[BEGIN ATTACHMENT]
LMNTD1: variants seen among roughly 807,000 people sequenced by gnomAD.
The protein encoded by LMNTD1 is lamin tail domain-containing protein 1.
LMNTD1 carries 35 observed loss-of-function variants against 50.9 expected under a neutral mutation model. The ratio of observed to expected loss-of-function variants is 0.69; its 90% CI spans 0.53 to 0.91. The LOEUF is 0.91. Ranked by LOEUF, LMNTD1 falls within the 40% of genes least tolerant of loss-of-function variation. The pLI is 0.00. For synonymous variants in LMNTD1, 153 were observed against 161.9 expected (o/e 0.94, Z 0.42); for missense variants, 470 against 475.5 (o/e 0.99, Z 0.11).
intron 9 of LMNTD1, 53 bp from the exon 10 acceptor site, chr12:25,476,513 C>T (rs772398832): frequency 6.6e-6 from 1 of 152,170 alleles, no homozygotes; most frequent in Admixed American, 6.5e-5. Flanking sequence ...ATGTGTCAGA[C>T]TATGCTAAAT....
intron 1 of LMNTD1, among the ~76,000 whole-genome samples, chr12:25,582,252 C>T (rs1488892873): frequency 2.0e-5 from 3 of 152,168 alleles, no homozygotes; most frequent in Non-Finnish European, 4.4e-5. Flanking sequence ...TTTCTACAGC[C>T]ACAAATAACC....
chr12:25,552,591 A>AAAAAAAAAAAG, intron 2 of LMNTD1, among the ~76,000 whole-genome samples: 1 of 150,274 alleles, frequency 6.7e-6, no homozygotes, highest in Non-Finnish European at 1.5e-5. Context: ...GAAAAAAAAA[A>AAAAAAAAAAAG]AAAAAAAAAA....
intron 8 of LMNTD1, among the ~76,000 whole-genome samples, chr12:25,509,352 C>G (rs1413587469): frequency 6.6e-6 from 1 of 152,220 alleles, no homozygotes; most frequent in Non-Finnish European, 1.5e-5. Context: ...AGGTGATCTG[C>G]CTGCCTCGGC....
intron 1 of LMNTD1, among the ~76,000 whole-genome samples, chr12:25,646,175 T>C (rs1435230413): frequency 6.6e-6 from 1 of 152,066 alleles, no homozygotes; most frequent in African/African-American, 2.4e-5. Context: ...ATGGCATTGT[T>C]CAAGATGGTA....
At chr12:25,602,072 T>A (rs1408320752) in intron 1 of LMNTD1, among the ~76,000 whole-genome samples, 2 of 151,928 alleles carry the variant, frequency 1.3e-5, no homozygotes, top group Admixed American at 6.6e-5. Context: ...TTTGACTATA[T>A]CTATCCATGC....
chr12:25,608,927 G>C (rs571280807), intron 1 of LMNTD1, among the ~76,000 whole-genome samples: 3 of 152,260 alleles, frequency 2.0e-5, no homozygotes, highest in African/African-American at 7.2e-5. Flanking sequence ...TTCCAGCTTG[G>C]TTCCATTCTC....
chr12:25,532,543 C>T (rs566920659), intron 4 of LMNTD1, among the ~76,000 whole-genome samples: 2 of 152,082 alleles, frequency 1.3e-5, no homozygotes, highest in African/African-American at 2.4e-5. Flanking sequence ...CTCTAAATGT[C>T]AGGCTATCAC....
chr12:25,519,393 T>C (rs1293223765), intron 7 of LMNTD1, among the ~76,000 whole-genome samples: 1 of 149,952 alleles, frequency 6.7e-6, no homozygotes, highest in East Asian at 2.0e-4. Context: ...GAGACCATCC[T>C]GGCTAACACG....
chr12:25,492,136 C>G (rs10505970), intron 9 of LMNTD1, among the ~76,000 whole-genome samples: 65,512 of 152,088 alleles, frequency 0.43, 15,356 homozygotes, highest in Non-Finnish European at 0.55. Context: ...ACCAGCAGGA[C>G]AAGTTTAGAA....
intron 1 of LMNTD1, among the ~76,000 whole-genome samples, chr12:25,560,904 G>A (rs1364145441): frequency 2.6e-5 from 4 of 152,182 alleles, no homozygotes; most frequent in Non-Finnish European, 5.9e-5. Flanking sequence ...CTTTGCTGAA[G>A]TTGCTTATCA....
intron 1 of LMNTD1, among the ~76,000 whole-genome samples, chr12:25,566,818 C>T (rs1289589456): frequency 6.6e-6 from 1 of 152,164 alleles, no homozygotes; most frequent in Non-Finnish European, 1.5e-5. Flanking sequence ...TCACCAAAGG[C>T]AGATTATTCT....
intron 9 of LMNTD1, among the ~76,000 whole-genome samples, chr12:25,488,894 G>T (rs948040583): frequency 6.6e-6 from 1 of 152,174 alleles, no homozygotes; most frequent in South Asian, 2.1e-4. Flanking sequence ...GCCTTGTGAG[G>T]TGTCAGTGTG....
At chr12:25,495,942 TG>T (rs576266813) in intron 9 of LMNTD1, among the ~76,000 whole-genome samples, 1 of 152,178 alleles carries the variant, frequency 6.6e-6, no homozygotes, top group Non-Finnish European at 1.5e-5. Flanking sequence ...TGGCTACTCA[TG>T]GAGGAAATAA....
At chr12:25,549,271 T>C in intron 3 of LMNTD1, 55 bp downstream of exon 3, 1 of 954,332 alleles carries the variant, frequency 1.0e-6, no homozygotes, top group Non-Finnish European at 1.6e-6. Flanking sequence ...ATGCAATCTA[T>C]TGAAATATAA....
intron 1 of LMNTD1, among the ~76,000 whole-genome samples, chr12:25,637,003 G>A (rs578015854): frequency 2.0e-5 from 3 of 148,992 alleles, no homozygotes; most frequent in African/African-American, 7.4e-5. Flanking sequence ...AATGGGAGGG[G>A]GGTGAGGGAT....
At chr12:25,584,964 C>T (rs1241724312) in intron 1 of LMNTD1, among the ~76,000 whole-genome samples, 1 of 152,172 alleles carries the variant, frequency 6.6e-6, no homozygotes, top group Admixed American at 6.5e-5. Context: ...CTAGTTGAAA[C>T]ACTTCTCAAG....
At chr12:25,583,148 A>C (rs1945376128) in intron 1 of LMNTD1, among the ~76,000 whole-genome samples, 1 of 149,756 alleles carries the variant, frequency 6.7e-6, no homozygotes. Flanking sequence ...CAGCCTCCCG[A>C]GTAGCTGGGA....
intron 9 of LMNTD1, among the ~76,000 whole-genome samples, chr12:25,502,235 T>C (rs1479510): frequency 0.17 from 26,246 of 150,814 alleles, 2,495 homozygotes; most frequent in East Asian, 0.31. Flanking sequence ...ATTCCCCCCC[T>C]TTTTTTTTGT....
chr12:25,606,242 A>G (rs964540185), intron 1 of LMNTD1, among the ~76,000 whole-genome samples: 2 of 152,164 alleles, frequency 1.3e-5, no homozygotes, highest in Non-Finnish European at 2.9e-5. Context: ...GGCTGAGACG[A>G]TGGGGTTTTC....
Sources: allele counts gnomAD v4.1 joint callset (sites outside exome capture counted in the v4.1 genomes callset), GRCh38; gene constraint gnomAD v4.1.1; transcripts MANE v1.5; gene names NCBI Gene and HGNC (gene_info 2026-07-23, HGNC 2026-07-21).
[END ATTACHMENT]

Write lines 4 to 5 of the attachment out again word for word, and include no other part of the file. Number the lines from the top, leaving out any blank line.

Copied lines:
intron 9 of LMNTD1, 53 bp from the exon 10 acceptor site, chr12:25,476,513 C>T (rs772398832): frequency 6.6e-6 from 1 of 152,170 alleles, no homozygotes; most frequent in Admixed American, 6.5e-5. Flanking sequence ...ATGTGTCAGA[C>T]TATGCTAAAT....
intron 1 of LMNTD1, among the ~76,000 whole-genome samples, chr12:25,582,252 C>T (rs1488892873): frequency 2.0e-5 from 3 of 152,168 alleles, no homozygotes; most frequent in Non-Finnish European, 4.4e-5. Flanking sequence ...TTTCTACAGC[C>T]ACAAATAACC....